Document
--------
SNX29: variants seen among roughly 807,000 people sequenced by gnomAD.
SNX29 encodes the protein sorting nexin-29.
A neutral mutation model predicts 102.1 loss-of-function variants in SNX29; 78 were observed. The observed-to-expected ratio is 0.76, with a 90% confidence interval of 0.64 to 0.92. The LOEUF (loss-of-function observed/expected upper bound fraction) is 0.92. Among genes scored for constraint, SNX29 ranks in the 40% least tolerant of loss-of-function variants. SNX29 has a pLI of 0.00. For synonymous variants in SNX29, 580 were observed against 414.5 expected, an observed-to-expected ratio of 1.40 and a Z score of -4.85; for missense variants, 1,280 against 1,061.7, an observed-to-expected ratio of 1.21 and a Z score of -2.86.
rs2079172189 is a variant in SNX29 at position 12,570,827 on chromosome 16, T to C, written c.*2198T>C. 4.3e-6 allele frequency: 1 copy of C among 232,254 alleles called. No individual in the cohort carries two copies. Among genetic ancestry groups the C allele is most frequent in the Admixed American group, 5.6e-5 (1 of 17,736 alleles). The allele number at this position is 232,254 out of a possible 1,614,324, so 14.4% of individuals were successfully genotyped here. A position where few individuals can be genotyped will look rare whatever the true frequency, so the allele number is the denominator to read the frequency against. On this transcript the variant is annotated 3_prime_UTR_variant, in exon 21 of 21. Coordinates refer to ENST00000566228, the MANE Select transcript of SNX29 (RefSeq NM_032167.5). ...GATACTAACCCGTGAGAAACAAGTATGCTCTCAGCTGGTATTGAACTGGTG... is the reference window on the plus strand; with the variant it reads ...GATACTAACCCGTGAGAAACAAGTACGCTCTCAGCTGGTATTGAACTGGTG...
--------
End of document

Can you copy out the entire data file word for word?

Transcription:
SNX29: variants seen among roughly 807,000 people sequenced by gnomAD.
SNX29 encodes the protein sorting nexin-29.
A neutral mutation model predicts 102.1 loss-of-function variants in SNX29; 78 were observed. The observed-to-expected ratio is 0.76, with a 90% confidence interval of 0.64 to 0.92. The LOEUF (loss-of-function observed/expected upper bound fraction) is 0.92. Among genes scored for constraint, SNX29 ranks in the 40% least tolerant of loss-of-function variants. SNX29 has a pLI of 0.00. For synonymous variants in SNX29, 580 were observed against 414.5 expected, an observed-to-expected ratio of 1.40 and a Z score of -4.85; for missense variants, 1,280 against 1,061.7, an observed-to-expected ratio of 1.21 and a Z score of -2.86.
rs2079172189 is a variant in SNX29 at position 12,570,827 on chromosome 16, T to C, written c.*2198T>C. 4.3e-6 allele frequency: 1 copy of C among 232,254 alleles called. No individual in the cohort carries two copies. Among genetic ancestry groups the C allele is most frequent in the Admixed American group, 5.6e-5 (1 of 17,736 alleles). The allele number at this position is 232,254 out of a possible 1,614,324, so 14.4% of individuals were successfully genotyped here. A position where few individuals can be genotyped will look rare whatever the true frequency, so the allele number is the denominator to read the frequency against. On this transcript the variant is annotated 3_prime_UTR_variant, in exon 21 of 21. Coordinates refer to ENST00000566228, the MANE Select transcript of SNX29 (RefSeq NM_032167.5). ...GATACTAACCCGTGAGAAACAAGTATGCTCTCAGCTGGTATTGAACTGGTG... is the reference window on the plus strand; with the variant it reads ...GATACTAACCCGTGAGAAACAAGTACGCTCTCAGCTGGTATTGAACTGGTG...